The BBC's Bob Trevelyan analyses the video footage
Shia rebels in northern Yemen have released a video appearing to show dozens of captured Yemeni troops.
It is not clear when the film was made, but it seems to contradict government statements that its forces recently inflicted heavy losses on the rebels.
The reports have been hard to verify as the fighting has been taking place in a mountainous part of northern Yemen closed to journalists.
The rebels also appear to have captured arms and ammunition.
The footage shows a rebel commander addressing a group of about 100 men in army uniform, some of whom still have their rifles.
The commander tells them that the rebels' grievance is not with them, but that they are brother Yemenis and will be treated with respect and dignity. The real enemy, he says, lies further afield.
"The sea is full of naval ships and more than 150,000 American and Italian soldiers," he says. "These are all Western troops and this is the real enemy."
A BBC analyst says, if genuine, the footage will be an embarrassment to the Yemeni government, which recently rejected a truce offer from the rebels and has said it is close to crushing them.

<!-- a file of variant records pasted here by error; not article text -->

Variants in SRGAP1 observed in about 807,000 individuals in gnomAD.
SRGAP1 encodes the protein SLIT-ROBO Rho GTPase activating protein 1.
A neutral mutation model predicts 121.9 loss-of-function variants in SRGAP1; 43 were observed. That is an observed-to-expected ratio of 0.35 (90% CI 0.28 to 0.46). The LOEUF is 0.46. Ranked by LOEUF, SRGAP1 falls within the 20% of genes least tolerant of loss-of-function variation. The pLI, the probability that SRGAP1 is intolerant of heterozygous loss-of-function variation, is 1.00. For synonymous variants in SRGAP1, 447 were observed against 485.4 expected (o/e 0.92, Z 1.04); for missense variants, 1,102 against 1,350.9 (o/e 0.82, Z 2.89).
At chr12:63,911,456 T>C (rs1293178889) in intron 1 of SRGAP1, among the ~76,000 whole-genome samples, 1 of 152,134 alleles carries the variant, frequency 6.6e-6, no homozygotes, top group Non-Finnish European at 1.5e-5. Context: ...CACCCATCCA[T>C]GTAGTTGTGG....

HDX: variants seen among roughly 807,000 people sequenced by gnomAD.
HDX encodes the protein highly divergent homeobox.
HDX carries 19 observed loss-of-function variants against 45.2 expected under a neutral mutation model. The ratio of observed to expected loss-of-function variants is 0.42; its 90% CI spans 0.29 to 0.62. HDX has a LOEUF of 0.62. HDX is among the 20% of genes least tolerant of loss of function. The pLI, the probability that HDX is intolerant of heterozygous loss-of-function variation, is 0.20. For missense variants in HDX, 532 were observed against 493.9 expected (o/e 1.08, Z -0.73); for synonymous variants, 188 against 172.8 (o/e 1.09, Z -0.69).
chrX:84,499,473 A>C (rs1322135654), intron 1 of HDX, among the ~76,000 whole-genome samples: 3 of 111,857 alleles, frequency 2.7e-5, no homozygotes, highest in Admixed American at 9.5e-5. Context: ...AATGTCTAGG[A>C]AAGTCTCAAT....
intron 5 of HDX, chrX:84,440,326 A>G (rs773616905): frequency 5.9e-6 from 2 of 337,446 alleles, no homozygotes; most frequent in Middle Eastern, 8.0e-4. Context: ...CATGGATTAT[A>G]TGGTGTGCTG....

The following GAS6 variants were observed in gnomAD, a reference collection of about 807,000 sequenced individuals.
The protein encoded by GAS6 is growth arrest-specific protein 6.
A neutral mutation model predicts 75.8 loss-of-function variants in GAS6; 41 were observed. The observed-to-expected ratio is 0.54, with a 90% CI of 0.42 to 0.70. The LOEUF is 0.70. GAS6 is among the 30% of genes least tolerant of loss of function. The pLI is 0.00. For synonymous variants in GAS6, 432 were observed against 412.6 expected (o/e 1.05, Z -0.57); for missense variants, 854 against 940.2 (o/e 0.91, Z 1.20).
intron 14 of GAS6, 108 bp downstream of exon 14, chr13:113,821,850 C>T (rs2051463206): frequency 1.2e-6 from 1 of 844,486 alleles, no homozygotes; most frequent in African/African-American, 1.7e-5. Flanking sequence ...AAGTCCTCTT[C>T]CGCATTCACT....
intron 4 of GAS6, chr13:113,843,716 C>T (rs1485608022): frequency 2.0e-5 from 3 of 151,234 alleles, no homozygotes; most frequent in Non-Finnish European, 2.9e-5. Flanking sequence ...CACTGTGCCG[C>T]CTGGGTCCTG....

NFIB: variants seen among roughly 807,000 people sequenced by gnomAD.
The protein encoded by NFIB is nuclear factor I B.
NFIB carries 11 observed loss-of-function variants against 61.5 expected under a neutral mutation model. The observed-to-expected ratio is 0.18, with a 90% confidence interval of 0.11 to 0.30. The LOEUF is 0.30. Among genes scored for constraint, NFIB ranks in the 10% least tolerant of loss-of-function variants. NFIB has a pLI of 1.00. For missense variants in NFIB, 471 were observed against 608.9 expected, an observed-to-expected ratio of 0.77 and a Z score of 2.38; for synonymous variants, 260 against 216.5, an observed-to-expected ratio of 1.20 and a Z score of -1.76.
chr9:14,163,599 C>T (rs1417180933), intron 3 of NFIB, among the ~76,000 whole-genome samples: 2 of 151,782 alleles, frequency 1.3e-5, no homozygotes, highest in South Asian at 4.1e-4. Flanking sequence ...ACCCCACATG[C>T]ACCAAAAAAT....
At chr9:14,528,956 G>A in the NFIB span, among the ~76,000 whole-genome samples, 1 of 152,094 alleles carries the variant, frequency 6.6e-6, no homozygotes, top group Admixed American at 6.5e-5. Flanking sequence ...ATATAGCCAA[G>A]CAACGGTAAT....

The government says the rebels, known as the Houthis, want to overthrow it and impose Shia religious law.
The Houthis say a corrupt Yemeni government, backed by the West and Saudi Arabia, is using security concerns as a pretext for persecuting their community and trying to suppress their version of Shia Islam, known as Zaydism.
Iran, which follows a different version of Shia Islam, has also become embroiled in the conflict, with Iranian media accusing Saudi Arabia of carrying out air attacks in support of the Yemeni government, and the Yemeni authorities accusing Iran of backing the rebels.
Direct Saudi involvement has been impossible to verify, but Yemeni President Ali Abdullah Saleh on Wednesday met Saudi Defence Minister Prince Sultan bin Abdul Aziz, for talks about unspecified co-operation between the two countries.
Meanwhile, UN humanitarian officials have launched a $23.5m appeal to help the displaced people of northern Yemen.
UN Humanitarian Coordinator John Holmes said that the fighting there had driven tens of thousands of people from their homes.
He said that people were seeking refuge in "schools and abandoned buildings" while others may not even have shelter.
He also warned that without urgent help, the people scattered across the desert region may try to leave the country.
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